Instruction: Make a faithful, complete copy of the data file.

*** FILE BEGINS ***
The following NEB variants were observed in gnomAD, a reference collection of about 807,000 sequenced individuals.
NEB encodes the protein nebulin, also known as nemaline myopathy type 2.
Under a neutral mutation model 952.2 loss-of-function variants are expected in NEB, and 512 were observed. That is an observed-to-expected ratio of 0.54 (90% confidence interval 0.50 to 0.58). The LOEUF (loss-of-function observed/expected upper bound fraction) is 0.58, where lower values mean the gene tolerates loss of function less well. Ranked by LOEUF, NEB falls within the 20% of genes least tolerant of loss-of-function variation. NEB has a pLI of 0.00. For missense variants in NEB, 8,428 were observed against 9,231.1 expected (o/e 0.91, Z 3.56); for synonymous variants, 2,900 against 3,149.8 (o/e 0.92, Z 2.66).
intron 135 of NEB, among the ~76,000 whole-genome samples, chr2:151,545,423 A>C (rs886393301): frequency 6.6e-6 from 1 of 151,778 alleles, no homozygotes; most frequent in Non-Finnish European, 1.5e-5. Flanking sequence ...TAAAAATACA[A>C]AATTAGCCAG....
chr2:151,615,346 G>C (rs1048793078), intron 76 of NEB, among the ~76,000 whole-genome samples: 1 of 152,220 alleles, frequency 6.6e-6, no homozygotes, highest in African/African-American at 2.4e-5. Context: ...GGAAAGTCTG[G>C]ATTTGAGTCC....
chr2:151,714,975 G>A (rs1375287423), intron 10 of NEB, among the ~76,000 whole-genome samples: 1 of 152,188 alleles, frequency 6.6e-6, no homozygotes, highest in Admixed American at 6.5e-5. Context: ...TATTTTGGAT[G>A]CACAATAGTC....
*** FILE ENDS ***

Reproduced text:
The following NEB variants were observed in gnomAD, a reference collection of about 807,000 sequenced individuals.
NEB encodes the protein nebulin, also known as nemaline myopathy type 2.
Under a neutral mutation model 952.2 loss-of-function variants are expected in NEB, and 512 were observed. That is an observed-to-expected ratio of 0.54 (90% confidence interval 0.50 to 0.58). The LOEUF (loss-of-function observed/expected upper bound fraction) is 0.58, where lower values mean the gene tolerates loss of function less well. Ranked by LOEUF, NEB falls within the 20% of genes least tolerant of loss-of-function variation. NEB has a pLI of 0.00. For missense variants in NEB, 8,428 were observed against 9,231.1 expected (o/e 0.91, Z 3.56); for synonymous variants, 2,900 against 3,149.8 (o/e 0.92, Z 2.66).
intron 135 of NEB, among the ~76,000 whole-genome samples, chr2:151,545,423 A>C (rs886393301): frequency 6.6e-6 from 1 of 151,778 alleles, no homozygotes; most frequent in Non-Finnish European, 1.5e-5. Flanking sequence ...TAAAAATACA[A>C]AATTAGCCAG....
chr2:151,615,346 G>C (rs1048793078), intron 76 of NEB, among the ~76,000 whole-genome samples: 1 of 152,220 alleles, frequency 6.6e-6, no homozygotes, highest in African/African-American at 2.4e-5. Context: ...GGAAAGTCTG[G>C]ATTTGAGTCC....
chr2:151,714,975 G>A (rs1375287423), intron 10 of NEB, among the ~76,000 whole-genome samples: 1 of 152,188 alleles, frequency 6.6e-6, no homozygotes, highest in Admixed American at 6.5e-5. Context: ...TATTTTGGAT[G>A]CACAATAGTC....